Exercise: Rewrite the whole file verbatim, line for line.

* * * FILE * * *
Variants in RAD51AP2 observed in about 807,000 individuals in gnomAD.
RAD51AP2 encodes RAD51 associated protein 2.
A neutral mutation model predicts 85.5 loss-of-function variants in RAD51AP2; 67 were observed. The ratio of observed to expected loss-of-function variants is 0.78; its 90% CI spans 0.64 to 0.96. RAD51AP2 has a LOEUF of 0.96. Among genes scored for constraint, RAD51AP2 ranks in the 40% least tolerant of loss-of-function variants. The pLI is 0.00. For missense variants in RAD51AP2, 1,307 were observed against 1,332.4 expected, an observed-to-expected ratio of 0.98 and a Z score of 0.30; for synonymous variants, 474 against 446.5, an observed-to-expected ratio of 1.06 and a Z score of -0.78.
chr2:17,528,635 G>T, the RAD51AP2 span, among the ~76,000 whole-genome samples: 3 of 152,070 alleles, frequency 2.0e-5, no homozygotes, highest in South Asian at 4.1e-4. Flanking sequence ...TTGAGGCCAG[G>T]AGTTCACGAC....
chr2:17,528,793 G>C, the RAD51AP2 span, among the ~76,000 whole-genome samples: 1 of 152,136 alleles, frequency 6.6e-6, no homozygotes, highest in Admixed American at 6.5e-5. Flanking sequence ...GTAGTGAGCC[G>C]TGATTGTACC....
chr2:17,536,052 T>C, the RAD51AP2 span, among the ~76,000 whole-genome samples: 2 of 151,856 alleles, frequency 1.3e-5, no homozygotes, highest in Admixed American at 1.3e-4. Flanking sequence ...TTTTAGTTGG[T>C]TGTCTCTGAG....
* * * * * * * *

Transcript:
Variants in RAD51AP2 observed in about 807,000 individuals in gnomAD.
RAD51AP2 encodes RAD51 associated protein 2.
A neutral mutation model predicts 85.5 loss-of-function variants in RAD51AP2; 67 were observed. The ratio of observed to expected loss-of-function variants is 0.78; its 90% CI spans 0.64 to 0.96. RAD51AP2 has a LOEUF of 0.96. Among genes scored for constraint, RAD51AP2 ranks in the 40% least tolerant of loss-of-function variants. The pLI is 0.00. For missense variants in RAD51AP2, 1,307 were observed against 1,332.4 expected, an observed-to-expected ratio of 0.98 and a Z score of 0.30; for synonymous variants, 474 against 446.5, an observed-to-expected ratio of 1.06 and a Z score of -0.78.
chr2:17,528,635 G>T, the RAD51AP2 span, among the ~76,000 whole-genome samples: 3 of 152,070 alleles, frequency 2.0e-5, no homozygotes, highest in South Asian at 4.1e-4. Flanking sequence ...TTGAGGCCAG[G>T]AGTTCACGAC....
chr2:17,528,793 G>C, the RAD51AP2 span, among the ~76,000 whole-genome samples: 1 of 152,136 alleles, frequency 6.6e-6, no homozygotes, highest in Admixed American at 6.5e-5. Flanking sequence ...GTAGTGAGCC[G>C]TGATTGTACC....
chr2:17,536,052 T>C, the RAD51AP2 span, among the ~76,000 whole-genome samples: 2 of 151,856 alleles, frequency 1.3e-5, no homozygotes, highest in Admixed American at 1.3e-4. Flanking sequence ...TTTTAGTTGG[T>C]TGTCTCTGAG....